You can find any number of stories in the Bible that describe how jealous rivalry turned relationships between people upside down – Cain and Abel, Joseph and his brothers, Jacob and Esau, Saul and David.  Today we hear of the disciples squabbling among themselves who were the more important disciples; who was the greatest among them.  We don’t know exactly how the conversation went or what started what we might think an almost childish squabble about a pecking order among the disciples that determined who was more important than the others. You can bet this kind of discussion was bound to lead to ill-feelings.

In Jesus’ time, the followers of a Jewish rabbi did have a pecking order with the more important person sitting closest to the rabbi at meals and worship, having greater authority in the community and at meetings.  In truth, the disciples were following the ways of rest of Judaism and the community in which they lived.  They are importing into their relationship with Jesus, pride, self-importance, selfishness, and superiority over one another.

The disciples thought they had been talking out of Jesus’ earshot and when he asks them what they had been discussing, they wouldn’t tell him.  They didn’t quite know exactly how but they knew that their thinking was very different to that of Jesus.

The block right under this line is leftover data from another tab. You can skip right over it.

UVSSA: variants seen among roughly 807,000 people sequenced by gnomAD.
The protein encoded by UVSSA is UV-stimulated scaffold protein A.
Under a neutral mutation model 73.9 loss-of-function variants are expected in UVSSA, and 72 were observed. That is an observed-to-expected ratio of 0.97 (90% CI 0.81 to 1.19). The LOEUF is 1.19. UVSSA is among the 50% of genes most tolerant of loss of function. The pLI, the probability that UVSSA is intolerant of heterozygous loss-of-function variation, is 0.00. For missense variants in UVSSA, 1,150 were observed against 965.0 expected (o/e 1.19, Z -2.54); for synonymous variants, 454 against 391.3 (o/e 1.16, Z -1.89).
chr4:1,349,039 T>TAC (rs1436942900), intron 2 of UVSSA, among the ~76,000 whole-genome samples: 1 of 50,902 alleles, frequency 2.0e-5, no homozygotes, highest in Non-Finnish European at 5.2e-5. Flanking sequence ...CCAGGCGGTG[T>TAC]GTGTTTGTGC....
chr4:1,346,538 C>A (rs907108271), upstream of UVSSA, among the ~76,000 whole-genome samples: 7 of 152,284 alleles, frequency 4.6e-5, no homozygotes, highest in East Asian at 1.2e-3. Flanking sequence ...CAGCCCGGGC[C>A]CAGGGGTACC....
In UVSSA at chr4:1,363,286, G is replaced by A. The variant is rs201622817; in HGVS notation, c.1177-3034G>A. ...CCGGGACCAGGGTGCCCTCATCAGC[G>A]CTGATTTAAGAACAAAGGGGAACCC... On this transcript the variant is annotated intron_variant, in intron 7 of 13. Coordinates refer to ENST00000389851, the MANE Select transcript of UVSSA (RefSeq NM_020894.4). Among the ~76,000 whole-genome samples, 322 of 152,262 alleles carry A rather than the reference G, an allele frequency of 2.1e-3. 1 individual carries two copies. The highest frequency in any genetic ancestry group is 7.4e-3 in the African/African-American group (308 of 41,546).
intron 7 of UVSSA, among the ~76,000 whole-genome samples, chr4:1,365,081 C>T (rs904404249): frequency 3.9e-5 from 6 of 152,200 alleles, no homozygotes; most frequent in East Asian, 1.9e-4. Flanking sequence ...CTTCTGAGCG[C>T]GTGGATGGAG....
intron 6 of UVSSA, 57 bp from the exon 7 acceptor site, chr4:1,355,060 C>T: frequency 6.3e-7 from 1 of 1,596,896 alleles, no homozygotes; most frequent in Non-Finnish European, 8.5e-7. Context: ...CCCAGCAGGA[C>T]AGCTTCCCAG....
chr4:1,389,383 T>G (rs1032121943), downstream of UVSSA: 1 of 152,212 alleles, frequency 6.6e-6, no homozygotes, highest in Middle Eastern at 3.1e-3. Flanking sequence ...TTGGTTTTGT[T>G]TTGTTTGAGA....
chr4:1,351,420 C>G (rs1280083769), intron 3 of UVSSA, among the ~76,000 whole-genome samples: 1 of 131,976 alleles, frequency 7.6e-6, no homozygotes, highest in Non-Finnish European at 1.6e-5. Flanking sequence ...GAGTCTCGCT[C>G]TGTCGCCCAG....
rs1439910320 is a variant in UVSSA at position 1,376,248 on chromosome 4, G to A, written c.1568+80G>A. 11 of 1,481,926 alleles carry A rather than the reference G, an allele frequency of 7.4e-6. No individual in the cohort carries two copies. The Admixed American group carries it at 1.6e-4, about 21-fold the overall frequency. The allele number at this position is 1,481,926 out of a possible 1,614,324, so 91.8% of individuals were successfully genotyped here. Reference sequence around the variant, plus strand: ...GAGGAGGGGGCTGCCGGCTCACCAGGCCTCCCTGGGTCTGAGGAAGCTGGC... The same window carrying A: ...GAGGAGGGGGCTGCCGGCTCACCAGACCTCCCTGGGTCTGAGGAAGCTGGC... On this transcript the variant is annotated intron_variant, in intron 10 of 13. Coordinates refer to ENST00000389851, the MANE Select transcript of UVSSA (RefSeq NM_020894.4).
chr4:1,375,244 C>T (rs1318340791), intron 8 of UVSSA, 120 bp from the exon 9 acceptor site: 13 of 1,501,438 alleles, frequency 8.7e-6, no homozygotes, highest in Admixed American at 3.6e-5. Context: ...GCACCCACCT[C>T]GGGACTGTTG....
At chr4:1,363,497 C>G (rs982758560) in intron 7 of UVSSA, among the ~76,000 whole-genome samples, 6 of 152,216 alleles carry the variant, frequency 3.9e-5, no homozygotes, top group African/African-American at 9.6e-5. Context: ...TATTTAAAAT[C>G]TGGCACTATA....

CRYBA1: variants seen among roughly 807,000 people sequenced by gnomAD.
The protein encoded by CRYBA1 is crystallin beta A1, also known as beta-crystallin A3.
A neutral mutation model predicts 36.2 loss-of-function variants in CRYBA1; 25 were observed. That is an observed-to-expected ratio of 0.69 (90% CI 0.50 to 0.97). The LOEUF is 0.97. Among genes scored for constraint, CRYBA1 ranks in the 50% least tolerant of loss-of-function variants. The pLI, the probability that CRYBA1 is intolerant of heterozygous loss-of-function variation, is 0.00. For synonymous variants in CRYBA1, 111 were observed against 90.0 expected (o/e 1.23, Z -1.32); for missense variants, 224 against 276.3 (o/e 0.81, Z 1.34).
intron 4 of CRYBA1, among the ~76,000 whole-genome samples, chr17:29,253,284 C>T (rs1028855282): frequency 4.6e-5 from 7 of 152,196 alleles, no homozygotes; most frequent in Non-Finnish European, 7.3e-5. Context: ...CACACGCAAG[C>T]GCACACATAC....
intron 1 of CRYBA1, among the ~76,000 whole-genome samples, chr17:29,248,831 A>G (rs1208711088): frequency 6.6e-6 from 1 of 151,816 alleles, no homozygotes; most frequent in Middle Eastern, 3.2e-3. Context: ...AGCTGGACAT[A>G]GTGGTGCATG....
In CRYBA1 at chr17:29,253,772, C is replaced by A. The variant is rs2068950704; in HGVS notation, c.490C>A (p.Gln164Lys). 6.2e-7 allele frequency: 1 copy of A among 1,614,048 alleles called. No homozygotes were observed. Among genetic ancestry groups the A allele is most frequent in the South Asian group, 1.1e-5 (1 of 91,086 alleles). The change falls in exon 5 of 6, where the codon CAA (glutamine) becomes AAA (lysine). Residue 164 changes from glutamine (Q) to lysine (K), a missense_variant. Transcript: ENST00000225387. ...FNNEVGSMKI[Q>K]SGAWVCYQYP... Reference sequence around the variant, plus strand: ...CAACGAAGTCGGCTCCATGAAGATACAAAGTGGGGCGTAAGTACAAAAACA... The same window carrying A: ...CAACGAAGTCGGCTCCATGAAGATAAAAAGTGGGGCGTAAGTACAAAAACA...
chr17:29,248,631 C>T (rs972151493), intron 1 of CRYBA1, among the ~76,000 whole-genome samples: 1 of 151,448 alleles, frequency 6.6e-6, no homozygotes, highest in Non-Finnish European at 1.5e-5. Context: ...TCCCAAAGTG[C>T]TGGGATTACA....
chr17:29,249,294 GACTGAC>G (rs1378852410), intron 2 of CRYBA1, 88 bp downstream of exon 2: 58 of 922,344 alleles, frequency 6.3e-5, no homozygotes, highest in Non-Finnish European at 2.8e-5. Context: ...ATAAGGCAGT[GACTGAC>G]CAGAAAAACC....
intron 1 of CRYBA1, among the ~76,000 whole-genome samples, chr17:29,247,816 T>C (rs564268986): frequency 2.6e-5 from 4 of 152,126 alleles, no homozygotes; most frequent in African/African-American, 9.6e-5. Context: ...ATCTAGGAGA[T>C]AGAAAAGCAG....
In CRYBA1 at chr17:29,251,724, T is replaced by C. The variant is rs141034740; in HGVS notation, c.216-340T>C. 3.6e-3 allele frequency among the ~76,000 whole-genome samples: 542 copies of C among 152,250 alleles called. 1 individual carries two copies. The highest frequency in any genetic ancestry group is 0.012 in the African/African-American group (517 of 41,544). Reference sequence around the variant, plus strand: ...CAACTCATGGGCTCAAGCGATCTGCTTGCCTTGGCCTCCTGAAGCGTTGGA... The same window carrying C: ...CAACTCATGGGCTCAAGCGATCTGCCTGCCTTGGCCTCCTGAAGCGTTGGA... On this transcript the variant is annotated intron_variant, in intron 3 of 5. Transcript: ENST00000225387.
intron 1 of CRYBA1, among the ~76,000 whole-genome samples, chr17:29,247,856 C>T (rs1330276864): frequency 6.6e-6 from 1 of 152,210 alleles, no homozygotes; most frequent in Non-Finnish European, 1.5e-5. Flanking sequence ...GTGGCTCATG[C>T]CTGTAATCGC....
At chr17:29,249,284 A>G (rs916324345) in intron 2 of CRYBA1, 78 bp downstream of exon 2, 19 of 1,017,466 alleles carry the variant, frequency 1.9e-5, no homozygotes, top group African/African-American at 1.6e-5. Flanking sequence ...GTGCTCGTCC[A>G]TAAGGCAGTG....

This is why.  In the first part of the gospel reading today we hear Jesus telling the disciples, “The Son of Man will be handed over to those who will kill him.  Three days later, however, he will rise to life” (Mark 9:31). We are told that the disciples didn’t have a clue what Jesus was talking about.  The idea of a humble suffering servant messiah was incomprehensible to them.  They were heading toward Jerusalem and they thought that soon Jesus’ power will be revealed with his disciples sharing his radiancy.  But how did Jesus’ teaching about a suffering servant fit in?  what is great about that? This was too much.